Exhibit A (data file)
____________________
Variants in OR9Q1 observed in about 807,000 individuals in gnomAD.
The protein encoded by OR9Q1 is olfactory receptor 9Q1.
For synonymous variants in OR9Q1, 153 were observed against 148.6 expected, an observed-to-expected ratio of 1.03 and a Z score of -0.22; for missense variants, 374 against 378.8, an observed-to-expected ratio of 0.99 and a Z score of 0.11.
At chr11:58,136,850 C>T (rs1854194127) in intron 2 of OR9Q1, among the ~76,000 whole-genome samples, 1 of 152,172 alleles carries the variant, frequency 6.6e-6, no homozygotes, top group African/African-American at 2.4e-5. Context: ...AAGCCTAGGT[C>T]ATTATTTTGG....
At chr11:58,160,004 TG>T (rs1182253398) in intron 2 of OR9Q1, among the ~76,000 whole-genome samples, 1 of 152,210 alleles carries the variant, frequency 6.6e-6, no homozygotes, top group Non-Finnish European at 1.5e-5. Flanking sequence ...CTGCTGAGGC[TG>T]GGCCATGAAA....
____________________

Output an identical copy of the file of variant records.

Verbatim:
Variants in OR9Q1 observed in about 807,000 individuals in gnomAD.
The protein encoded by OR9Q1 is olfactory receptor 9Q1.
For synonymous variants in OR9Q1, 153 were observed against 148.6 expected, an observed-to-expected ratio of 1.03 and a Z score of -0.22; for missense variants, 374 against 378.8, an observed-to-expected ratio of 0.99 and a Z score of 0.11.
At chr11:58,136,850 C>T (rs1854194127) in intron 2 of OR9Q1, among the ~76,000 whole-genome samples, 1 of 152,172 alleles carries the variant, frequency 6.6e-6, no homozygotes, top group African/African-American at 2.4e-5. Context: ...AAGCCTAGGT[C>T]ATTATTTTGG....
At chr11:58,160,004 TG>T (rs1182253398) in intron 2 of OR9Q1, among the ~76,000 whole-genome samples, 1 of 152,210 alleles carries the variant, frequency 6.6e-6, no homozygotes, top group Non-Finnish European at 1.5e-5. Flanking sequence ...CTGCTGAGGC[TG>T]GGCCATGAAA....